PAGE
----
I was honored to be included in the short list of individuals requested to provide feedback on the UTBMS code set drafted by the Jackson Review team. The full project team includes participants local to the England and Wales jurisdictions and, considering that I am based in the US, it was a particular honor to be asked to review their work product.
The draft code set reflects a different way of considering the services provided by law firms and other legal vendors on litigation matters as compared to the original sets set forth in the US. I found the beta set to be very thoughtful and provided a few comments for consideration by the team as they move toward finalizing their recommendations. I am anxious to see their final work product released for public use later this summer.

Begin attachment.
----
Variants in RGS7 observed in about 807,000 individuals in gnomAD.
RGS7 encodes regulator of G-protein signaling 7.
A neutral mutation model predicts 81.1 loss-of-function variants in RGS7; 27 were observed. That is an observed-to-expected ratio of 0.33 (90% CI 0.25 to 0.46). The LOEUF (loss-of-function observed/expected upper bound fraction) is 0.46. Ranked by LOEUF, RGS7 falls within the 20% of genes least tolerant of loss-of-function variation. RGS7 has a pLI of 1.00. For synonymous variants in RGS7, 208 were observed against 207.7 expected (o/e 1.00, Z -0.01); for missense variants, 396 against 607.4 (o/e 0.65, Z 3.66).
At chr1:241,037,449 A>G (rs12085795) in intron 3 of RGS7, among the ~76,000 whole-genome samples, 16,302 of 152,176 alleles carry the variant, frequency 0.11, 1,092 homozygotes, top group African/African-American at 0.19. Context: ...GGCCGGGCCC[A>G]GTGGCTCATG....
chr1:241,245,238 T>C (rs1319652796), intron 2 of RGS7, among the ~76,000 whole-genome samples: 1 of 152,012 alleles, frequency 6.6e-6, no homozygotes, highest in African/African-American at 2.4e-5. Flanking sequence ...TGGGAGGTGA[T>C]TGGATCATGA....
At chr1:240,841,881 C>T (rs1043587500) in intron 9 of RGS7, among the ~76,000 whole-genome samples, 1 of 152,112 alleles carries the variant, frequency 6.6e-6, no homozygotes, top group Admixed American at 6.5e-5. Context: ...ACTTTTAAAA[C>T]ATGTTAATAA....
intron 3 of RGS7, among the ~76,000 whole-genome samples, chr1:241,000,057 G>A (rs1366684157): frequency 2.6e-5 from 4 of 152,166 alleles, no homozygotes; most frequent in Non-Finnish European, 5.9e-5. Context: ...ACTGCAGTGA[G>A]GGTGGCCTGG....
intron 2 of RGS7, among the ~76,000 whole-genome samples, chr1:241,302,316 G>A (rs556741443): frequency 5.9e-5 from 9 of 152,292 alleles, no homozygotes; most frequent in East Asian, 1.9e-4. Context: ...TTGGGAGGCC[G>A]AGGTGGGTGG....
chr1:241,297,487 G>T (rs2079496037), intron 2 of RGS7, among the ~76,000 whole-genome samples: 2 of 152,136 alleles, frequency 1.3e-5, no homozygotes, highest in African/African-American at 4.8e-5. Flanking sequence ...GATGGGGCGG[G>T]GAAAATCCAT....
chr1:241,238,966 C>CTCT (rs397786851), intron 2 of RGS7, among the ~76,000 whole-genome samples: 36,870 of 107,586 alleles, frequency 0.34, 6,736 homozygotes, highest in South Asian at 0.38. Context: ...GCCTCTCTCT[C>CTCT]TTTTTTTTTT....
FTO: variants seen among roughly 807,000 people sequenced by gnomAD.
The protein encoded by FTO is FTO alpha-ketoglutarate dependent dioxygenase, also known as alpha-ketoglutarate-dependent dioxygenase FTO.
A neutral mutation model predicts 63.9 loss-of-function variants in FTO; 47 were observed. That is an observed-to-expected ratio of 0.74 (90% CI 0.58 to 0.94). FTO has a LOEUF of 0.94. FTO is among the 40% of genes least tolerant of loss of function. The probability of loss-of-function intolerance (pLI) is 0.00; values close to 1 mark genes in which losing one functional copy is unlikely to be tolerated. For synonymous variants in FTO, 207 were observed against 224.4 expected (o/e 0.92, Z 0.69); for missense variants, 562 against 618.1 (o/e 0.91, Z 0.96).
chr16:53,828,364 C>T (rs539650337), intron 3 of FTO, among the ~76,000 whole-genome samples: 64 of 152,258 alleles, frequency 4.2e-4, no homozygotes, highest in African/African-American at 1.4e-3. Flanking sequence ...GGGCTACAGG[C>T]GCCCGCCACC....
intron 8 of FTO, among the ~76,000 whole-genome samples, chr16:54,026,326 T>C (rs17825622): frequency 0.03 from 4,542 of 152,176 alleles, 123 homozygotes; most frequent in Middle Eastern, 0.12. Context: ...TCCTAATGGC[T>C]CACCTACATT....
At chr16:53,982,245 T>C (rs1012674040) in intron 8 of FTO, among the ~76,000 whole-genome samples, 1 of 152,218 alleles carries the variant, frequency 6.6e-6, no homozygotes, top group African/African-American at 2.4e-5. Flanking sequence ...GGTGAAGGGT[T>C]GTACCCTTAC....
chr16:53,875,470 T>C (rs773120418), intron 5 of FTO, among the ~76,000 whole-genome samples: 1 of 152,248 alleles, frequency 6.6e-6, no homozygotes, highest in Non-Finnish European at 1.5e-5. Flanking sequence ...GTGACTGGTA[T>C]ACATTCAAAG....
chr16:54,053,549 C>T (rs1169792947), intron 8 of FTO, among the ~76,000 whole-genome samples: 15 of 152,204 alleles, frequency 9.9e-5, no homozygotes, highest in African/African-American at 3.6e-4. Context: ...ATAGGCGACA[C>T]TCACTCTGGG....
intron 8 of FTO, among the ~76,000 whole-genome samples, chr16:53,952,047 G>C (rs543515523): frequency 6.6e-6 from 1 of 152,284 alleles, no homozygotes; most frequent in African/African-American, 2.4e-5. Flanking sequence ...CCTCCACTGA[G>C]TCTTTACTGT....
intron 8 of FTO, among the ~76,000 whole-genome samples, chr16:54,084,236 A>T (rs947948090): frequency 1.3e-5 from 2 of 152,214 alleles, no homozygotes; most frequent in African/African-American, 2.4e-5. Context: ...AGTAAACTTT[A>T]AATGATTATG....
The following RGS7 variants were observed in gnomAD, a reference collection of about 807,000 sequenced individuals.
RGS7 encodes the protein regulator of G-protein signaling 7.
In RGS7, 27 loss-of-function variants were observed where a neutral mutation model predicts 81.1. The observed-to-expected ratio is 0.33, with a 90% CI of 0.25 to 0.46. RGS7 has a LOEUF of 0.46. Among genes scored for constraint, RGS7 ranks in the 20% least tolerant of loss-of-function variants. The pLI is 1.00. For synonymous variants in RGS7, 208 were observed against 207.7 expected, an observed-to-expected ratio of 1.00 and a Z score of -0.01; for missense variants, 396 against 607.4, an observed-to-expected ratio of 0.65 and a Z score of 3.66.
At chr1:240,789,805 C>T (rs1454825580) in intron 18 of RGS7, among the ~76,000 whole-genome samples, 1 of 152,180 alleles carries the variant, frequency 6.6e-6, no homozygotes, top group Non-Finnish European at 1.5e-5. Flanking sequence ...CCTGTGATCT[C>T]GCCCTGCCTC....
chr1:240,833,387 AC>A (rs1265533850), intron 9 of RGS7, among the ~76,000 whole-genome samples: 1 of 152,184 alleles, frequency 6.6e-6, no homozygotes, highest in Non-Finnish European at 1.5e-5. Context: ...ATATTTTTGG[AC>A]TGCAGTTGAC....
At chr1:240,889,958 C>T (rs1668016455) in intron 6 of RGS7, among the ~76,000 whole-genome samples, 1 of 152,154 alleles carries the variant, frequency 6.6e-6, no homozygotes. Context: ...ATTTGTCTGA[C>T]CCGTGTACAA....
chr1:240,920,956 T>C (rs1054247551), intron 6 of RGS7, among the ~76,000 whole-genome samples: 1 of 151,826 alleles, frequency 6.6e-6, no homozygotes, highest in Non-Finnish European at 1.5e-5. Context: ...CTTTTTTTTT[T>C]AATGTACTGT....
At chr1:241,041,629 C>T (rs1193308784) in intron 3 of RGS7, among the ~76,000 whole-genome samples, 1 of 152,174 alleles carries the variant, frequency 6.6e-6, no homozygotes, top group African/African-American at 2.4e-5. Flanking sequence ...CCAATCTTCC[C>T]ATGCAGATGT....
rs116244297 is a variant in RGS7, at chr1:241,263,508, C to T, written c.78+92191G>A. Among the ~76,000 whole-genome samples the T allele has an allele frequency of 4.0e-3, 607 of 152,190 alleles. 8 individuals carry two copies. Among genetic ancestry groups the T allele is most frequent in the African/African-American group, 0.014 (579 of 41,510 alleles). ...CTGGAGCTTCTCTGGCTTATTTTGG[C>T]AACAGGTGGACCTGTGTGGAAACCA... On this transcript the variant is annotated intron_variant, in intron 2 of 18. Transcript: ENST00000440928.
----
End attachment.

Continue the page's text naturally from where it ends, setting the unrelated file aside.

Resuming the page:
This project marks a new era in legal ebilling.
- The original constituencies involved in setting standards for legal ebilling were law departments, law firms, consultants, time and billing vendors and the third-party ebilling vendors, and resulted in the formation of the LEDES Oversight Committee.
- We have seen tax authorities in Latin America get involved, legally requiring XML files with electronic invoicing information to run through systems hosted by the tax authority or its designees in order to ensure the government receives appropriate tax payments.
- The Jackson project marks the first jurisdictional-specific UTBMS code set whose usage will be codified into law.
I expect we will see more efforts like this in the future.